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China’s economy grew 7.7% in 2013, its lowest rate of growth since 1999.
This comes as Beijing is making efforts to curb credit growth and rebalance the economy away from one being led by investment and exports to one being driven by consumption.
Concerns, however, continue to abound about China’s massive shadow banking sector and the potential for a wave of trust defaults. Some economists fear that Beijing’s efforts to tighten credit could trigger an economic crisis.
All of these risks are important for investors around the world as China is the world’s second largest economy. It’s also arguably the world’s most important source of growth, having “contributed more than 25% to global GDP growth since 2010,” according to UBS’ Tao Wang.
Despite all of this, most experts agree that the long-term outlook for China is very bright.
In terms of GDP per capita China ranks about one hundredth and “there are still decades of catch up growth left to go,” Alaistair Chan at Moody’s told Business Insider.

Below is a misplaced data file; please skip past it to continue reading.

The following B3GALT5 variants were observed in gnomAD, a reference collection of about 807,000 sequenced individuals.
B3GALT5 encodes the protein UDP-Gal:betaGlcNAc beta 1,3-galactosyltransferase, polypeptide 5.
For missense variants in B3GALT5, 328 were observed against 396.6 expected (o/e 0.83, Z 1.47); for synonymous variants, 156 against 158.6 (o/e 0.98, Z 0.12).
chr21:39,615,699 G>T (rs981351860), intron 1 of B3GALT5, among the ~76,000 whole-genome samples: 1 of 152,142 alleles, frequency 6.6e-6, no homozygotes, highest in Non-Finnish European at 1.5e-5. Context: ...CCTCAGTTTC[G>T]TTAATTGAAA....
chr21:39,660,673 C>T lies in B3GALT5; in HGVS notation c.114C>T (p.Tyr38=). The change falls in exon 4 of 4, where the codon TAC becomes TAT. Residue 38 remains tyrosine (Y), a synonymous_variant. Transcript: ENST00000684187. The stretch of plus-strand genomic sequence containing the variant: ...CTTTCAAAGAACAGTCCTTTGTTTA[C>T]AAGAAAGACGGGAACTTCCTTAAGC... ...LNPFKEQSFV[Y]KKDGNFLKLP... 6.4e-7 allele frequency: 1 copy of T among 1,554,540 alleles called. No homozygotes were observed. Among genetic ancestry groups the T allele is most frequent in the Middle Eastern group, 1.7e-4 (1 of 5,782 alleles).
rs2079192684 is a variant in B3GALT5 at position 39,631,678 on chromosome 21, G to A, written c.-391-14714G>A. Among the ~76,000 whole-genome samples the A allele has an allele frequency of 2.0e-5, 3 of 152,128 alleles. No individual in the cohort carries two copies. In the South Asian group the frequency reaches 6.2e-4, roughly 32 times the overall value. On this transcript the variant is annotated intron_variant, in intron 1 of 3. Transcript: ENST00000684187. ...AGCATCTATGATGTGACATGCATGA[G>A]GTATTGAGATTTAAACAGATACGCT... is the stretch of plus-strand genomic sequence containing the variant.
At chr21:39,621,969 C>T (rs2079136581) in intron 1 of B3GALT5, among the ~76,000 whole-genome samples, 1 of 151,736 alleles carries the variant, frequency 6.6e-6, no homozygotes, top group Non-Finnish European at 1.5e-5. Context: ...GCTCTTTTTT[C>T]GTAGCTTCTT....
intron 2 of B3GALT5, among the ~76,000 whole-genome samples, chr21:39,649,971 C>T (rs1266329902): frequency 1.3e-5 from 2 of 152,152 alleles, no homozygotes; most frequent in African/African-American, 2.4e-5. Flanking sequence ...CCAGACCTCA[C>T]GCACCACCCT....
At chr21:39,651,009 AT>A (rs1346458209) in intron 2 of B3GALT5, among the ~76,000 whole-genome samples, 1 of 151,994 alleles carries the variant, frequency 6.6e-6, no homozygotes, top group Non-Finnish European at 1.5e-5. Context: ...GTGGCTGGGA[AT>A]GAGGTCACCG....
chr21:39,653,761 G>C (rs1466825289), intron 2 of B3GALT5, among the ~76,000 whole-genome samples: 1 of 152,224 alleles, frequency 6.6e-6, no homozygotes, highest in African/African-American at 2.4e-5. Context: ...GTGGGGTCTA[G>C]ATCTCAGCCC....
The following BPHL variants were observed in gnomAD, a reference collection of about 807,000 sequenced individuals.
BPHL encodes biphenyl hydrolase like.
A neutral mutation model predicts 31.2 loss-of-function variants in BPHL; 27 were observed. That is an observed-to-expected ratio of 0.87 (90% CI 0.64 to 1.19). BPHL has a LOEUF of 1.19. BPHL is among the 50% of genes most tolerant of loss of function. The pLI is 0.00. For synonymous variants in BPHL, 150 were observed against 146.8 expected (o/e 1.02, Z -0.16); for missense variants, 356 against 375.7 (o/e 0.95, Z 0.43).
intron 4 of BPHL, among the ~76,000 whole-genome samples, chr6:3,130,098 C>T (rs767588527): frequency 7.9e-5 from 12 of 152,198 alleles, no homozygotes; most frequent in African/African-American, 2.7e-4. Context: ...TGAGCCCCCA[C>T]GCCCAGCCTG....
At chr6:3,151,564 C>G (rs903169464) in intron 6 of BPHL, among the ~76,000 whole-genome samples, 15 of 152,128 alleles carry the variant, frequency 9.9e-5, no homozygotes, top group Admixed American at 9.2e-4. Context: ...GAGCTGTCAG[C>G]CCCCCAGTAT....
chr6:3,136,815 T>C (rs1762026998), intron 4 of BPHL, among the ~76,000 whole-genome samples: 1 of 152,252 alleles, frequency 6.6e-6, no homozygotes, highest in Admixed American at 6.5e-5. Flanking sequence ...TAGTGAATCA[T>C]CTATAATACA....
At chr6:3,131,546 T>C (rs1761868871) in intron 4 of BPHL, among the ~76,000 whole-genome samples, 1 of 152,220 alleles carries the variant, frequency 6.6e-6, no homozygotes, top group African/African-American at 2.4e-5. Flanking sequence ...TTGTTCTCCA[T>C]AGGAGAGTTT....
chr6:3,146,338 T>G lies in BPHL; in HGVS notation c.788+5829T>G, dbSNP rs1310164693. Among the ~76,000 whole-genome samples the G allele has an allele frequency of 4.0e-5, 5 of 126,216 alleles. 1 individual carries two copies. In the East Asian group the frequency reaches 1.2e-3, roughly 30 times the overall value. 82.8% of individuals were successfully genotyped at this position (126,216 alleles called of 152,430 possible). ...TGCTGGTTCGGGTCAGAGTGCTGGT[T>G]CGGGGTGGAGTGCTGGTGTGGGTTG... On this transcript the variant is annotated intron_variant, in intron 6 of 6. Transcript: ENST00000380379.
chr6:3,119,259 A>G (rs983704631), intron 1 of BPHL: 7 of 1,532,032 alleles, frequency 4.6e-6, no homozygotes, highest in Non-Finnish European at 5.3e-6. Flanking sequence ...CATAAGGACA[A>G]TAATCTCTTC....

“Few seem to understand the historical significance of what is happening there,” according to Jim Rogers. “As the US was rising to its power and glory during the 19th Century, we had a horrible civil war, 15 depressions [Yes, with a D.], few human rights, little rule of law, periodic massacres in the streets, etc., etc. yet we still became the most successful country in the 20th Century.”
“China will have plenty of setbacks along the way as does every country, company, family, and individual that rises,” added Rogers.
Policymakers appear to be willing to tolerate slower growth as it pushes for market-oriented reform.
The Centre for Economics and Business Research (CEBR) expects China to overtake the US to become the world’s largest economy in 2028 for the first time since 1890.